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LOCAL AND GENERAL.

The Ashburton Guardian will not fee published on Easter Monday. River Report—The Telegraph Department advises as follows:—The Rakaia and Rangitata rivers are not fisliable. Weathhb Foukoast. — Captain Edwin wires :—Moderate to strong winds from between south-west and south and southeast} glaBS rise; rain probable; river low. Ploughing Operations.—A number of farmers in the Wakanui and surrounding districts have already commenced to plough their land for cereal crops. Elgin Post Office—Mrs iH. Smith has been appointed post mistress at Elgin in lien of Mrs Clements. Personal.—Mr W. Colee, M,A., for years a teacher at Hampstead School, and who haa been.second master of the Rangiora Borough School for the past six months, has been appointed headmaster of the Eltham School, Taranaki. Ashburton Under No-license—At the No-license Convention in Christchurch yesterday Mr Harding stated that the tone of Ashburton had never been 60 clean and sound, and the No-licotne sentiment had never been so strong as at the present time. Several Ashbuvton representatives spoke strongly of the excellent results of Nolicense in that electorate. Property Sale. —On Wednesday at their rooms, Geraldine, Messrs Guinness and LeCten offered the goodwill of lease in perpetuity of Mr Jos. Ward's farm, Arundel. The property was passed at auction, but was afterwards sold to Messrs Gaby Bros., of Gape 3* Valley. Football. —Word has reached Wellington that it is practically certain that a team of English footballers will visit New Zealand in 1907. Several noted players will be able to mate the trip, and it is expected that the team will be stronger both in backs and in forwards than last year's team. Grain Threshing.—The heavy rain experienced during the past few days has retarded threshing operations. At Waterton Wheatstone, and throughout the whole of the districts adjoining tho Sea Beach, the threshing has been practically completed. Chjbrtsey Fports.— Given fine weathe r on Easter Monday the annual sports and races to be held in the Chertsey Domain, under the auspices of the Chertsey Sports and Racing Club, should prove an unqualified siKcee-i. The Committee have left no stone unturned to insure the success cf the meeting, which should prove one of the beat and largest of its kind held in the district. Peel Forest.—A. Peel Forest Correspon- I dent writes : Recently the district has been very quiet. The weather is becoming cold, and apparently the winter is setting in rapidly. The dry weather haa enabled farmers to make considerable progress with ther threshing. Feed is plentiful, and all classes of stock are looking well. Little work is being done in the bush. No-License Outlook—Mr T. E. Taylor, M.H.R. addressed the No-license Convention in Christchurch yesterday on the " Oatlook in Canterbury." He d9alt in detail with the figures of the last local option poll, and claimed that an examination of the figures for reduction proved the moderate party to ba practically non-existent. He urged that special effoits should be mado to increase the number of No-license districts in Canterbury, and emphasised the advisableness of spreading the latest scientific teaching with regard to the physiological effects of alcohol. The Milling Trust—The attention of breadwinners and bakers is directed to an advertisement in this issue from the Northern Milling Company, Auckland, stating that the Flour Trust is offering to deliver into Auckland bakehouses the best Canterbury brands of flour at £8 5s per ton, which, after deducting freight and charges, ia only equal to £7 2s 6d per ton at the mill door, while the price of flour in Canterbury is £9 per ton. Presentation.—When it became known that Constable Tull had been transferred from Ashburton to Dunedin his friends here decided to take steps to make him a presentation as a mark of esteem and respect. A special permit was granted by the Department of Justice and on Thursday evening last about forty gentlemen paid a surprise visit to Constable Tull's residence, and Mr W. Bain, on behalf of the subscribers, presented the guest of the evening with a bulky purse of sovereigns. Several speeches eulogistic of Constable Tull were made, and general regret was expressed that he had received notice to remove to Dunedin. A number of songs were 6ung during the evening, and several toasts were proposed and duly honoured, the gathering terminating by the singing of Auld Lang Syne. W.C.T.U.—Tho local branch of the Women's Christian Temperance Union held their usual monthly meeting in the Templar Hall on Wednesday last, when the attendance was fair. After several business items had been dealt with, it was decided that the next meeting on the 10th May should take the form of a social meeting, and it is expected Mrs Dr. Watson, of America, will be present and give an ad* dress. I A.M.R.—The annual general meeting of j the Ashburton Mounted Rifles was held on Thursday evening, there being a fair attendance of members present. The report and balance sheet presented showed the company to be in a healthy condition. After tho formal business of adopting the report and balance sheet had been transacted, the meeting resolved itself into a social function. A lengthy programme of song, recitation, and speech was submitted, aud the gathering was of a most enjoyable character. Condition of tee North Island. — A visitor to the North Island writes that he is surprised to find that celebrated grass country suffering from the effects of a drought. Along the coastal district of Taranaki, and also in Auckland, there has beon very little raia sin'-e the New Year up to the present date, wheu there has been a copious rainfall, which, however, has come too late to produce much winter f«ed. Turnips are less than half a crop, and dairy cattle are in very poor oondition, and the falling off in the milk supply haa been very marked. The butter also turned out by the Dairy Factories shows by its pale colour the effect of the dry weather, 'and looks like lard, instead of the rich yellow batter of Taranaki. Sheep, however, look wall, whore lightly stocked, but mauy paddocks are eaten to the cl«y, and it would ba better if half the stock on some of the farms wero exported to Canterbury. Stone's Canterbury Directory—The 1905 number of that indispeasible publication, Stone's Directory of Canterbury, Nelson, Marlboroßgh, and. Westland, is now to hand, and is us usual full of up-to-data information, Few business men can afford to be without this volume. The information is well arranged, and it is easy to find any particular class of information that may be wanted with regard to Cauterbury and its inhabitants. The type is clear and distinct, and the printing excellent, the general appearance of the work being v>ry attractive. TheN,Z. Annual, at the end of the .book supplied an abstract of useful knowledge about the Colony, its laws, statistics, etc. Altogether the directory is a credit to the publishers. Ladies' Tailoring.—We are now making a speciality of this department. Ladies who appreciate a good fit, good work and up-to-date neat and durable costumes, jackets, etc., at very moderate prices, are respectively invited to inspect our new Autumn and Winter goods. " The Ladies' Tailor" magazine and fashion plates from London j every month.—Craighead & Berryjxan. Discount Tickets given with all cash purchases of Groceries at John Qxv & Co.'s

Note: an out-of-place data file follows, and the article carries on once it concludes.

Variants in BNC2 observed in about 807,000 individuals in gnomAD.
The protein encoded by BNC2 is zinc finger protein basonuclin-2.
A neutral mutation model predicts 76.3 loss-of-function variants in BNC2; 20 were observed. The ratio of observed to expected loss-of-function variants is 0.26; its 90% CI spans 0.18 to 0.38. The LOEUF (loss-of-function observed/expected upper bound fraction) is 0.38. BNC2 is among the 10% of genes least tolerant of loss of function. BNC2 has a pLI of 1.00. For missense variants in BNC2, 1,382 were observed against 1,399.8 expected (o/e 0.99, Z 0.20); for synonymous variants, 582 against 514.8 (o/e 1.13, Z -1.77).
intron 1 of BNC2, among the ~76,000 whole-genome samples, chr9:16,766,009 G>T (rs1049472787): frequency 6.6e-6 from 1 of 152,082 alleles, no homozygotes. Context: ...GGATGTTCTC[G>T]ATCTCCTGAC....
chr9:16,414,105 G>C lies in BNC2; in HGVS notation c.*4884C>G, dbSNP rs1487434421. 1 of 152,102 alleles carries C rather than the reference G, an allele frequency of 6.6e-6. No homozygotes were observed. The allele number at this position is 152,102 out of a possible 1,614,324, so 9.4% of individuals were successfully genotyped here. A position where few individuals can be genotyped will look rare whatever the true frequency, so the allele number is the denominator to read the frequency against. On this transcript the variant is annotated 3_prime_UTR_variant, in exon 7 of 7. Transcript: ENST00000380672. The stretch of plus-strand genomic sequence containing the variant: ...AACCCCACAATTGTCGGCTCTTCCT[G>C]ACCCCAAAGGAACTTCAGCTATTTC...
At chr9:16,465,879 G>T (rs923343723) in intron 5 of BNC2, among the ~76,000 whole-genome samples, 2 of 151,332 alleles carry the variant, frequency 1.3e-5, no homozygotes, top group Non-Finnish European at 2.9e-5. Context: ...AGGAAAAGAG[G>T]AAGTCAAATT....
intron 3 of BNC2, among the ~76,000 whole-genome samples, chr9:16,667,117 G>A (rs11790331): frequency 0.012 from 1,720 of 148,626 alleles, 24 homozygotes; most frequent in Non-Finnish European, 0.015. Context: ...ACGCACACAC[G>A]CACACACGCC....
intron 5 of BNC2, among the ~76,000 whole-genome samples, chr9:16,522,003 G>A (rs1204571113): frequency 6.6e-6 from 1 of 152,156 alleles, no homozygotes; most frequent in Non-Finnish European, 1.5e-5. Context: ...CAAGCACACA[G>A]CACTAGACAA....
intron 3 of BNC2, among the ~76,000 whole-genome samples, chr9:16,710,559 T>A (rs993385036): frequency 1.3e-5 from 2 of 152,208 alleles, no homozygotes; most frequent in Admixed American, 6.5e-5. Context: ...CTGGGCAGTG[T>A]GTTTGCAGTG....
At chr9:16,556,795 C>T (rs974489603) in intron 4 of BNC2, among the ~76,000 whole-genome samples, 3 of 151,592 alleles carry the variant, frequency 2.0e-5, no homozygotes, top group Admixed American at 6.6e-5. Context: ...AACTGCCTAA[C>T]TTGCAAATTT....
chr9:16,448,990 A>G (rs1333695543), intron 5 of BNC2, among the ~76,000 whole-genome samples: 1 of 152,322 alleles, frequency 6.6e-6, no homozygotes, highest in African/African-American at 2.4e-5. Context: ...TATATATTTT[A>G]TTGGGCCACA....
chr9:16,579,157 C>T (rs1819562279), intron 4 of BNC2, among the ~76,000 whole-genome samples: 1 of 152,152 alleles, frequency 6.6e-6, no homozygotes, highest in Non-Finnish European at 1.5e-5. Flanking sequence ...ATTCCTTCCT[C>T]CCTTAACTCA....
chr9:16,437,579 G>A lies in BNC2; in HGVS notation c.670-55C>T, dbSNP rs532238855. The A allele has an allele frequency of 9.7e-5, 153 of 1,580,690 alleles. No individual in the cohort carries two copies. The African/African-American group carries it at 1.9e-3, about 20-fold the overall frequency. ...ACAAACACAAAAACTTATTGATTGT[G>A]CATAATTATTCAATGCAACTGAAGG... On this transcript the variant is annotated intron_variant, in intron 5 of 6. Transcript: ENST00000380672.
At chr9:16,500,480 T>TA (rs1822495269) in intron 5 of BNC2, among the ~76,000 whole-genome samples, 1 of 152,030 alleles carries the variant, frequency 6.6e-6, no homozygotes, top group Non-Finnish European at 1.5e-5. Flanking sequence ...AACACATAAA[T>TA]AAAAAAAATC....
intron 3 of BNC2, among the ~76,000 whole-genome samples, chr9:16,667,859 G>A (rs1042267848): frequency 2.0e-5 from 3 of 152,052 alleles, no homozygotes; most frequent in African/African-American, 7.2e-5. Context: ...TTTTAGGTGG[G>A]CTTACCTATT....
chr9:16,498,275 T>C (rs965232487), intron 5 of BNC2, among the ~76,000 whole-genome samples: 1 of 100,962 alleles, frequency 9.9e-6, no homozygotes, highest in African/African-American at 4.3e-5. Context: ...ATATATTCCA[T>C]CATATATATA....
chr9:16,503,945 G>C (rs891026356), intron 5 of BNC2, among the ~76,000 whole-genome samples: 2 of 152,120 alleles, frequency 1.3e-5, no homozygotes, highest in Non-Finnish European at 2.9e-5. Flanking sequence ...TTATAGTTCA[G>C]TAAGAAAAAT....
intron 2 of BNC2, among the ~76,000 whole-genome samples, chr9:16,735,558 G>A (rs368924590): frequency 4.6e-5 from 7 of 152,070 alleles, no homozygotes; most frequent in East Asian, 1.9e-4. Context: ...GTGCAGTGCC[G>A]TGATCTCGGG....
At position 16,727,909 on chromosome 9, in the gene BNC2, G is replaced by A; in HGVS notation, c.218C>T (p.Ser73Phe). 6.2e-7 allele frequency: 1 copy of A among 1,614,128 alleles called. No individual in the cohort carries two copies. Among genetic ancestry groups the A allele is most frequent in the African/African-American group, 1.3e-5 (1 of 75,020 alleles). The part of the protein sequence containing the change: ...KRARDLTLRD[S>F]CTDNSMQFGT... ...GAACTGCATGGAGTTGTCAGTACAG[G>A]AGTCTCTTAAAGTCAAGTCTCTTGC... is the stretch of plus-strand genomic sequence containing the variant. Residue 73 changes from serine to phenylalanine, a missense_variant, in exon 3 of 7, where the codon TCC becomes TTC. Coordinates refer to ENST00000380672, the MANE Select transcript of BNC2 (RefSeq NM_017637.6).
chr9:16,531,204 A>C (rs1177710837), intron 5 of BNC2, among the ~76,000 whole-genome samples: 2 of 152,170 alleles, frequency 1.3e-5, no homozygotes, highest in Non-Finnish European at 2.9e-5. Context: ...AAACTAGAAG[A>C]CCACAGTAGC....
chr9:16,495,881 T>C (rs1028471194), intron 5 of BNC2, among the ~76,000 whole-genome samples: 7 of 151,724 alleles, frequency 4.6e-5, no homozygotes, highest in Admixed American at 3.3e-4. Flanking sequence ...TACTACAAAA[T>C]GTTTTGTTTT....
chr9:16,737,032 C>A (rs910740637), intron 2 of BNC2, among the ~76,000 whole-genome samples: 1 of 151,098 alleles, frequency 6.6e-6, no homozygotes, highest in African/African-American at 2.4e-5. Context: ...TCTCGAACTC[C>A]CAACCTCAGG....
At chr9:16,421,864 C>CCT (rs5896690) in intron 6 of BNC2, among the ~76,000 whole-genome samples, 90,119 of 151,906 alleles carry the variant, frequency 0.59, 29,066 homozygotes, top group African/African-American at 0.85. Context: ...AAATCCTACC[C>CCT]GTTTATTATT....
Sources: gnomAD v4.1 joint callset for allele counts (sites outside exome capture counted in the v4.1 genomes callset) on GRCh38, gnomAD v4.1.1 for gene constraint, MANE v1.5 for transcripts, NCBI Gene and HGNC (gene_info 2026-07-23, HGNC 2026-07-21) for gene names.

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https://paperspast.natlib.govt.nz/newspapers/AG19050422.2.5

Bibliographic details

LOCAL AND GENERAL., Ashburton Guardian, Volume XXII, Issue 6552, 22 April 1905

Word Count
1,213

LOCAL AND GENERAL. Ashburton Guardian, Volume XXII, Issue 6552, 22 April 1905